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From Gold Coast, Australia:

My son (age 9 years) was diagnosed at age 6 years. He is academically, socially, and physically, a high achiever. His current primary school allows him the independence to test when and where required -- he keeps his testing kit in his bag and only presents at the sick bay when he is 'sick'. This has been a great bonus to his developing self-esteem as a child with diabetes, he is in control and his school are caring and ever watchful.

Our problem now involves the choice of private secondary school which insists that our child present at the sick bay for all finger prick tests because of the risk of blood cross infections, etc. His paediatrician disputes this discrimination and requests that our son have the right to deal with his chronic illness in a normalized setting as possible. Also, as a high school student, his paediatrician feels that he should have his insulin with his lunch, not in the sick bay where a stroll to receive Humalog is contraindicated.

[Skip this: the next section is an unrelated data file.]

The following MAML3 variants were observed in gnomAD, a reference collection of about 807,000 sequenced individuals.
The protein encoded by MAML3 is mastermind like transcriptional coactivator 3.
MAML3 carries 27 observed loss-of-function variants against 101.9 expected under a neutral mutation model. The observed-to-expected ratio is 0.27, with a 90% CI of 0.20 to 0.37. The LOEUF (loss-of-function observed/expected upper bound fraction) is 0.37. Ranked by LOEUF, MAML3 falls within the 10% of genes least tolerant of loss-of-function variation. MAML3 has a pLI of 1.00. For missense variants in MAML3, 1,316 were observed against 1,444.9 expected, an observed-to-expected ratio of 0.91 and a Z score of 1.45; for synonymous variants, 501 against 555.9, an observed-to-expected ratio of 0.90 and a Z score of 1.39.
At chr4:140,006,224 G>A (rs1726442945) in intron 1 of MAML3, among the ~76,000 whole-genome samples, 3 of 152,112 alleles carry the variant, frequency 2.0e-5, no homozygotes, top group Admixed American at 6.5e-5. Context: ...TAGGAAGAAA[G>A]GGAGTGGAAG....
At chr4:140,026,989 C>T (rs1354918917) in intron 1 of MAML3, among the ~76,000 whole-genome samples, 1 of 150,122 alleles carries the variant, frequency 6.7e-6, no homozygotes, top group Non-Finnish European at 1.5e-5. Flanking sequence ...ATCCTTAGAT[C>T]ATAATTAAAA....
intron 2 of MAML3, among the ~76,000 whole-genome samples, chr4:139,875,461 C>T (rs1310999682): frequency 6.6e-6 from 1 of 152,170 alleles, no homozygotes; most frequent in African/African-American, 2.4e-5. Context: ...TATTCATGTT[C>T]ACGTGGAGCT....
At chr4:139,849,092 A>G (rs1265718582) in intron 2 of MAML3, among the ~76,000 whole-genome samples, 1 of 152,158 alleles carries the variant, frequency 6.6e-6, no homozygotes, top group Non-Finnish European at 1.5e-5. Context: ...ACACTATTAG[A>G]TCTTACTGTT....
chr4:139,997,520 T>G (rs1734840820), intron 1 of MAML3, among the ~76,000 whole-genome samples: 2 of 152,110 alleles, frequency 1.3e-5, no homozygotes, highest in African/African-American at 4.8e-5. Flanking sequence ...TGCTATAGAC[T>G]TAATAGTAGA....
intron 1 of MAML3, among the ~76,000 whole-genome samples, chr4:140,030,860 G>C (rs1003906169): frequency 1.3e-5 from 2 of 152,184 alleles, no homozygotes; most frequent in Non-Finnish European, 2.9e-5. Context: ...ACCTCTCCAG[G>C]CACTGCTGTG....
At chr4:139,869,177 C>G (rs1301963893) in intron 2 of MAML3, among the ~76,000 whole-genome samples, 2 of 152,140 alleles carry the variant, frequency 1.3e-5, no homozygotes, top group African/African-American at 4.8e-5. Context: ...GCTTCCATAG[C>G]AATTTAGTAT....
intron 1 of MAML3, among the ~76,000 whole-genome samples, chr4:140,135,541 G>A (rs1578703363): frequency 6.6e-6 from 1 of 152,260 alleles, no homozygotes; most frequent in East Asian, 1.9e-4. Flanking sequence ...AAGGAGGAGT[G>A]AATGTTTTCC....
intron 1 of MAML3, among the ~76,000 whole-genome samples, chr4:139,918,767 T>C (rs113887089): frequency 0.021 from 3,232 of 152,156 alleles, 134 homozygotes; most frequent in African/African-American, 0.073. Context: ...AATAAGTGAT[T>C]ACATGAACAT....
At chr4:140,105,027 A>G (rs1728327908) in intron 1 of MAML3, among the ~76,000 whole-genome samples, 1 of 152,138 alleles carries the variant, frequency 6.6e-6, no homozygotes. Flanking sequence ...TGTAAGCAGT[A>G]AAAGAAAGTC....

I agree with my son and his diabetes team -- but what rights do the school, in Australia, have to demand a regression to 'Nanny rules'.

Mum (teacher at a Special Ed. Facility)


I do not know the current regulations in Australia for diabetes care in the schools. (It has been six years since I worked in Sydney). In the US, things have changed a lot. It used to be that each school would determine its own policies. Where I work now, in upstate New York, all schools require that blood glucose monitoring and injections be done in the health office due to the concerns of infection, etc. that you mentioned. There have even been some cases where other students have gotten lancets and syringes and caused some problems.

So, for you I would work with your paediatrician and school to find out what the current policies are. Don't be surprised if more and more schools have policies such as this new school. My patients find it inconvenient, but cope well with going to the health office for their diabetes care. Hopefully you'll work something out for your child, which will allow your child to attend the school you prefer and not interfere too much with social development.


Original posting 11 Jul 1999
Posted to Social Issues: School and Daycare


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Last Updated: Tuesday April 06, 2010 15:09:06
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